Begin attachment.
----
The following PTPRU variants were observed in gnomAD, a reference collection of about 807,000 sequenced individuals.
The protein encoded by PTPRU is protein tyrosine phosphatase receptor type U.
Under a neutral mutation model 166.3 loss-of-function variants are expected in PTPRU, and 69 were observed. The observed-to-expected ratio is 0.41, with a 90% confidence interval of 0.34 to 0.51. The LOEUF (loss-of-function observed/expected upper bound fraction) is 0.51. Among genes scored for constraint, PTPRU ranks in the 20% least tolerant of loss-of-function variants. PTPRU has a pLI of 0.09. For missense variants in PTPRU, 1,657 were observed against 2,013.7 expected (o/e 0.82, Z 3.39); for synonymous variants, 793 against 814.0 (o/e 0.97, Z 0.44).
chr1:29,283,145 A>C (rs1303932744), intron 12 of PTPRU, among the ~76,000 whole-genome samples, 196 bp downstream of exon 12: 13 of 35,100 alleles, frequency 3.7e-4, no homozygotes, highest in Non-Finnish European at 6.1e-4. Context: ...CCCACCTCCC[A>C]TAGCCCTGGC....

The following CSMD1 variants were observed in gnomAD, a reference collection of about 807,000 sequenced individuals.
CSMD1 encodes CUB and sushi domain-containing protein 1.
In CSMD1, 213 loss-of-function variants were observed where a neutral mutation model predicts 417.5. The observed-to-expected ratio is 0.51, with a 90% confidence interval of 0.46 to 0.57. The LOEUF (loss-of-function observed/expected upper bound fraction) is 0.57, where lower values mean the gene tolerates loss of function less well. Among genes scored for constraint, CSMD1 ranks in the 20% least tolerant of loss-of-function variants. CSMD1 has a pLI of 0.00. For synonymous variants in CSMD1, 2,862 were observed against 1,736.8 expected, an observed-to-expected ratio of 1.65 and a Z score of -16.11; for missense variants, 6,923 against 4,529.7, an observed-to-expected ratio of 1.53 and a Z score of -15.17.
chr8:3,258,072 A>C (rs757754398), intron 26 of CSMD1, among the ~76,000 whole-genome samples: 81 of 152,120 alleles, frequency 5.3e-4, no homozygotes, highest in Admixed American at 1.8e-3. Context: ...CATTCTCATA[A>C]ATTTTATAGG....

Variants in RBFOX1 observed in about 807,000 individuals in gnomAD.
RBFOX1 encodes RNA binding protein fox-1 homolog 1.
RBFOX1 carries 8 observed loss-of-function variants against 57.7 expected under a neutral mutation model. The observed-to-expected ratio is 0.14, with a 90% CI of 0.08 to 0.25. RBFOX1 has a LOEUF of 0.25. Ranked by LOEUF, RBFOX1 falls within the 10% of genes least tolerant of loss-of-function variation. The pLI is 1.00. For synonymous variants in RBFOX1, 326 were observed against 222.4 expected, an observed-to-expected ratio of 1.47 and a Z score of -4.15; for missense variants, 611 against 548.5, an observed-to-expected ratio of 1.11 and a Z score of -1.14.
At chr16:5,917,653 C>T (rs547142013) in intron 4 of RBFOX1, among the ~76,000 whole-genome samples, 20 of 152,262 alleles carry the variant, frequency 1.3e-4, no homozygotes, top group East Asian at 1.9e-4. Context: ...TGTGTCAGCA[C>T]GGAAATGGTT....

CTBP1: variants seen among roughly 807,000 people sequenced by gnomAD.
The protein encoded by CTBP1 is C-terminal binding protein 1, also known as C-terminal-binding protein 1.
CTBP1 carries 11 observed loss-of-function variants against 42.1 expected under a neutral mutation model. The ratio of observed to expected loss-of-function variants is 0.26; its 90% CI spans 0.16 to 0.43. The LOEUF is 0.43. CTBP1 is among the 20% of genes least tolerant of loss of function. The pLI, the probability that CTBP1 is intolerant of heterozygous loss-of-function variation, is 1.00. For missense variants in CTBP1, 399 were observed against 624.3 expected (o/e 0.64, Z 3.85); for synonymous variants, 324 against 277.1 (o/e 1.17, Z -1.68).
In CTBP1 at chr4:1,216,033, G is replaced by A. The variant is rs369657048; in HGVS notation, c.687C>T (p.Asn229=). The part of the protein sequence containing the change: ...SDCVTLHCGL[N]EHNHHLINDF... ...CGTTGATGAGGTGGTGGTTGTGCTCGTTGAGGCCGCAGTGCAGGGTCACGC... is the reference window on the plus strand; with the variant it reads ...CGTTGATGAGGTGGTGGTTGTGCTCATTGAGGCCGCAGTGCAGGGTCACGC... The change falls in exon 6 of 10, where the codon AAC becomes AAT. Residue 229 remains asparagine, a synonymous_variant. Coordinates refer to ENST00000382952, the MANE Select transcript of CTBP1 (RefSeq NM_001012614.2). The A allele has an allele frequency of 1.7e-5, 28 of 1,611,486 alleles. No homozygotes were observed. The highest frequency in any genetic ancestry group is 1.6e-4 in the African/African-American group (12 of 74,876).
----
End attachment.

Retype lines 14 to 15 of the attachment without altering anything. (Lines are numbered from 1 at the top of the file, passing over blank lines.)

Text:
The protein encoded by CTBP1 is C-terminal binding protein 1, also known as C-terminal-binding protein 1.
CTBP1 carries 11 observed loss-of-function variants against 42.1 expected under a neutral mutation model. The ratio of observed to expected loss-of-function variants is 0.26; its 90% CI spans 0.16 to 0.43. The LOEUF is 0.43. CTBP1 is among the 20% of genes least tolerant of loss of function. The pLI, the probability that CTBP1 is intolerant of heterozygous loss-of-function variation, is 1.00. For missense variants in CTBP1, 399 were observed against 624.3 expected (o/e 0.64, Z 3.85); for synonymous variants, 324 against 277.1 (o/e 1.17, Z -1.68).